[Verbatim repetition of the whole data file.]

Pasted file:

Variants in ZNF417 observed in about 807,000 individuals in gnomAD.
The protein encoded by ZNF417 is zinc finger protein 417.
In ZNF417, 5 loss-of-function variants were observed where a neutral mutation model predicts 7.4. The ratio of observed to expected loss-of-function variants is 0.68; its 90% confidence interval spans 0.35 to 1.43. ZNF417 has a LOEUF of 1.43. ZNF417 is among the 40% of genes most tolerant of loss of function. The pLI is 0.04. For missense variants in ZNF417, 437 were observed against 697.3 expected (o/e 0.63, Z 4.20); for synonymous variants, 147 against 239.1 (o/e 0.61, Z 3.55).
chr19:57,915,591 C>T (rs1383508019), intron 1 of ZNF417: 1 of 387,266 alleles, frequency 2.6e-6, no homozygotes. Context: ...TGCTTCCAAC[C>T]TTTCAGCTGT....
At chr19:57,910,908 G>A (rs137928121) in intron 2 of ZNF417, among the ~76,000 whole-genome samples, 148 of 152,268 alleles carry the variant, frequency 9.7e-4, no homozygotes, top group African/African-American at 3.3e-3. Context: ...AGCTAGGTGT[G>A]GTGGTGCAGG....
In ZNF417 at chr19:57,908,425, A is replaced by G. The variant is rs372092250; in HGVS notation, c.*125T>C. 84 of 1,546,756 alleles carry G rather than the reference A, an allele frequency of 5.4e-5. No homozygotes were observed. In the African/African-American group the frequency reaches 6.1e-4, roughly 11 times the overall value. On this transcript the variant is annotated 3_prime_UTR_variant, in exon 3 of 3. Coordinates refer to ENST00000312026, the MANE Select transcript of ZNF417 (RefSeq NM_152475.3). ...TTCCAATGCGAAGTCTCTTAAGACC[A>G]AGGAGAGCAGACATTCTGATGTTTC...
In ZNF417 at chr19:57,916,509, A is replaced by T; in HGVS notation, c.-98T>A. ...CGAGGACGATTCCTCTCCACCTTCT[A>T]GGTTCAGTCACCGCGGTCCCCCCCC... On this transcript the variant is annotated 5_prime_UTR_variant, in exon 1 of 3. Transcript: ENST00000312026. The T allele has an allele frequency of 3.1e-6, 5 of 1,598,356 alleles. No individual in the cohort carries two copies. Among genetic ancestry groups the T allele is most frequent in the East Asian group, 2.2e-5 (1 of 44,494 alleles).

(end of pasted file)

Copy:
Variants in ZNF417 observed in about 807,000 individuals in gnomAD.
The protein encoded by ZNF417 is zinc finger protein 417.
In ZNF417, 5 loss-of-function variants were observed where a neutral mutation model predicts 7.4. The ratio of observed to expected loss-of-function variants is 0.68; its 90% confidence interval spans 0.35 to 1.43. ZNF417 has a LOEUF of 1.43. ZNF417 is among the 40% of genes most tolerant of loss of function. The pLI is 0.04. For missense variants in ZNF417, 437 were observed against 697.3 expected (o/e 0.63, Z 4.20); for synonymous variants, 147 against 239.1 (o/e 0.61, Z 3.55).
chr19:57,915,591 C>T (rs1383508019), intron 1 of ZNF417: 1 of 387,266 alleles, frequency 2.6e-6, no homozygotes. Context: ...TGCTTCCAAC[C>T]TTTCAGCTGT....
At chr19:57,910,908 G>A (rs137928121) in intron 2 of ZNF417, among the ~76,000 whole-genome samples, 148 of 152,268 alleles carry the variant, frequency 9.7e-4, no homozygotes, top group African/African-American at 3.3e-3. Context: ...AGCTAGGTGT[G>A]GTGGTGCAGG....
In ZNF417 at chr19:57,908,425, A is replaced by G. The variant is rs372092250; in HGVS notation, c.*125T>C. 84 of 1,546,756 alleles carry G rather than the reference A, an allele frequency of 5.4e-5. No homozygotes were observed. In the African/African-American group the frequency reaches 6.1e-4, roughly 11 times the overall value. On this transcript the variant is annotated 3_prime_UTR_variant, in exon 3 of 3. Coordinates refer to ENST00000312026, the MANE Select transcript of ZNF417 (RefSeq NM_152475.3). ...TTCCAATGCGAAGTCTCTTAAGACC[A>G]AGGAGAGCAGACATTCTGATGTTTC...
In ZNF417 at chr19:57,916,509, A is replaced by T; in HGVS notation, c.-98T>A. ...CGAGGACGATTCCTCTCCACCTTCT[A>T]GGTTCAGTCACCGCGGTCCCCCCCC... On this transcript the variant is annotated 5_prime_UTR_variant, in exon 1 of 3. Transcript: ENST00000312026. The T allele has an allele frequency of 3.1e-6, 5 of 1,598,356 alleles. No individual in the cohort carries two copies. Among genetic ancestry groups the T allele is most frequent in the East Asian group, 2.2e-5 (1 of 44,494 alleles).